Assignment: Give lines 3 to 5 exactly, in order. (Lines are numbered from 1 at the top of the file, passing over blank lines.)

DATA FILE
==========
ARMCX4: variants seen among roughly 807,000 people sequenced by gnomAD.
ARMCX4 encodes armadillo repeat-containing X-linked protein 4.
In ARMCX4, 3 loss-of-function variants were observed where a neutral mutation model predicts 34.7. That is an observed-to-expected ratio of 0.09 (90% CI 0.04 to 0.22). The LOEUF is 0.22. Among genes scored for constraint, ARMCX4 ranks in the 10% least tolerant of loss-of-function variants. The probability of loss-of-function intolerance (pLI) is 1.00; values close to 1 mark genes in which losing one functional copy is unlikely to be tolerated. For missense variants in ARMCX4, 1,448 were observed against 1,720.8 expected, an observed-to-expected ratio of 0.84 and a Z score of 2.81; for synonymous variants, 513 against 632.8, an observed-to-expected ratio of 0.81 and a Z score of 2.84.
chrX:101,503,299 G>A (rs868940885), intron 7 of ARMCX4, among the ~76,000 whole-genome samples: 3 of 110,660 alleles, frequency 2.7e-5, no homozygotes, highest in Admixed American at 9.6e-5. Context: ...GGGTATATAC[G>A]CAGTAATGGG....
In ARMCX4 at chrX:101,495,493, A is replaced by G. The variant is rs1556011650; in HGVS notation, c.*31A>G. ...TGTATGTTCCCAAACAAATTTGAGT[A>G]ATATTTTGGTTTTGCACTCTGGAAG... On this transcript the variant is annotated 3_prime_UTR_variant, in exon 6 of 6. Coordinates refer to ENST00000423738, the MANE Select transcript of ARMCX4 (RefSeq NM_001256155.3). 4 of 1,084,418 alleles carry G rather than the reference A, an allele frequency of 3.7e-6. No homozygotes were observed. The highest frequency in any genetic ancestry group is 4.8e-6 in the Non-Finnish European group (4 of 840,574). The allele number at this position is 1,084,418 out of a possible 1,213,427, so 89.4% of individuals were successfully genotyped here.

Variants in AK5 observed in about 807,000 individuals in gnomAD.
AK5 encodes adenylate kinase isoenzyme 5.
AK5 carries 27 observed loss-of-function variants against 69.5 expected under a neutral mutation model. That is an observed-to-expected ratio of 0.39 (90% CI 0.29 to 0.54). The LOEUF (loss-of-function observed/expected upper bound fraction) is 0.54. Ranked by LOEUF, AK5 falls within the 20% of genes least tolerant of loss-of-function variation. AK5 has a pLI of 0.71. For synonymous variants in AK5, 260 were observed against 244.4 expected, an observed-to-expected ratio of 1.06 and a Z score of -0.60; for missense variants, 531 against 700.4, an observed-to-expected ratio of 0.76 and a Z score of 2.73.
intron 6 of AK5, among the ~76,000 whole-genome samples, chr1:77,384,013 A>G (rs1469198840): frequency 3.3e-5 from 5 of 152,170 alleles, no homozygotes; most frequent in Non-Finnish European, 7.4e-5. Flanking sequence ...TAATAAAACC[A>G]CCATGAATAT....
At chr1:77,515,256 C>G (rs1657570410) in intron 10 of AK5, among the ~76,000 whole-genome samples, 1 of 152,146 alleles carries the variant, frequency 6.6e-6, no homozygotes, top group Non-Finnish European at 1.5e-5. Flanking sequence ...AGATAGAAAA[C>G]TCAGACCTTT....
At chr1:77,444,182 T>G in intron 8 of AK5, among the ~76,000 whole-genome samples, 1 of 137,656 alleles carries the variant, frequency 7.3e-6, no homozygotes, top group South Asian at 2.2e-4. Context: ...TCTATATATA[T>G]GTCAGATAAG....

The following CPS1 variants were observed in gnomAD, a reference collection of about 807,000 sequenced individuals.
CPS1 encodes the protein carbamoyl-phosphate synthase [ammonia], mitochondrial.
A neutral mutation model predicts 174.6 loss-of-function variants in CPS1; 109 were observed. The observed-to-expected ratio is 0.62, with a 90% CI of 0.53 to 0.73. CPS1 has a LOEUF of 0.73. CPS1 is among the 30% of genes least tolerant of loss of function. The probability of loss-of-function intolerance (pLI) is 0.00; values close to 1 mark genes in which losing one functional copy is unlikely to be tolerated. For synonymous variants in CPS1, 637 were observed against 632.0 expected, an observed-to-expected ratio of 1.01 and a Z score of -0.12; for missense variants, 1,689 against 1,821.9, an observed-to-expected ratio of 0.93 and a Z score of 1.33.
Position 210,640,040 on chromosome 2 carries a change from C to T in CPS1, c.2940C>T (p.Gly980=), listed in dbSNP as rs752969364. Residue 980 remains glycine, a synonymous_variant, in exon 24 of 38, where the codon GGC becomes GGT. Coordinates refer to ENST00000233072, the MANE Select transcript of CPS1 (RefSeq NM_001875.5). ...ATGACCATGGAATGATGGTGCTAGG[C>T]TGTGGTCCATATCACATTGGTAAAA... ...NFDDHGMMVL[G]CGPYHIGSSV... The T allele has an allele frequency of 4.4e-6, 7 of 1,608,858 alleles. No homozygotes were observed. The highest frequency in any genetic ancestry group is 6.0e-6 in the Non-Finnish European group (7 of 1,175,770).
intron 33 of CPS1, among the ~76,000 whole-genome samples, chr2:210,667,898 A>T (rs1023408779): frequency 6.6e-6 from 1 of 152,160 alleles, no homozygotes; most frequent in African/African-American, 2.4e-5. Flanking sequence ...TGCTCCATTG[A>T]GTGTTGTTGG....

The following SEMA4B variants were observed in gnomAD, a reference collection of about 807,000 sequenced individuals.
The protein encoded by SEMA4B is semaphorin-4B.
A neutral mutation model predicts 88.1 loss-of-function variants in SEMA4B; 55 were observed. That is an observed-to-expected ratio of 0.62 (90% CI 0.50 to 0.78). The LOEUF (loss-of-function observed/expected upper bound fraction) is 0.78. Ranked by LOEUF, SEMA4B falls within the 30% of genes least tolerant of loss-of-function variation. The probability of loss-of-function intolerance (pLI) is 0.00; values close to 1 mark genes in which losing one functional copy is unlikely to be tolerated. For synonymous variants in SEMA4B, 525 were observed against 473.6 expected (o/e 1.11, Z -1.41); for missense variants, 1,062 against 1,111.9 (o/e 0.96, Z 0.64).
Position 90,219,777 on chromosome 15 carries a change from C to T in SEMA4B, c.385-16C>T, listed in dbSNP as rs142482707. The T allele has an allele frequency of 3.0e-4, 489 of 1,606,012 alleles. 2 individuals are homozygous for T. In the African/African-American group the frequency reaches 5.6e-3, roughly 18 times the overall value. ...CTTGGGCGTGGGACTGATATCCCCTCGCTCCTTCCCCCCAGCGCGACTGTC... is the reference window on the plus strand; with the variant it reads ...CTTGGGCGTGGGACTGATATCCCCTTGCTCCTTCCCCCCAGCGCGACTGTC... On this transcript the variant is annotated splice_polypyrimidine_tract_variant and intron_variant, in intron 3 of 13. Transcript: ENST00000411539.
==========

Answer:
In ARMCX4, 3 loss-of-function variants were observed where a neutral mutation model predicts 34.7. That is an observed-to-expected ratio of 0.09 (90% CI 0.04 to 0.22). The LOEUF is 0.22. Among genes scored for constraint, ARMCX4 ranks in the 10% least tolerant of loss-of-function variants. The probability of loss-of-function intolerance (pLI) is 1.00; values close to 1 mark genes in which losing one functional copy is unlikely to be tolerated. For missense variants in ARMCX4, 1,448 were observed against 1,720.8 expected, an observed-to-expected ratio of 0.84 and a Z score of 2.81; for synonymous variants, 513 against 632.8, an observed-to-expected ratio of 0.81 and a Z score of 2.84.
chrX:101,503,299 G>A (rs868940885), intron 7 of ARMCX4, among the ~76,000 whole-genome samples: 3 of 110,660 alleles, frequency 2.7e-5, no homozygotes, highest in Admixed American at 9.6e-5. Context: ...GGGTATATAC[G>A]CAGTAATGGG....
In ARMCX4 at chrX:101,495,493, A is replaced by G. The variant is rs1556011650; in HGVS notation, c.*31A>G. ...TGTATGTTCCCAAACAAATTTGAGT[A>G]ATATTTTGGTTTTGCACTCTGGAAG... On this transcript the variant is annotated 3_prime_UTR_variant, in exon 6 of 6. Coordinates refer to ENST00000423738, the MANE Select transcript of ARMCX4 (RefSeq NM_001256155.3). 4 of 1,084,418 alleles carry G rather than the reference A, an allele frequency of 3.7e-6. No homozygotes were observed. The highest frequency in any genetic ancestry group is 4.8e-6 in the Non-Finnish European group (4 of 840,574). The allele number at this position is 1,084,418 out of a possible 1,213,427, so 89.4% of individuals were successfully genotyped here.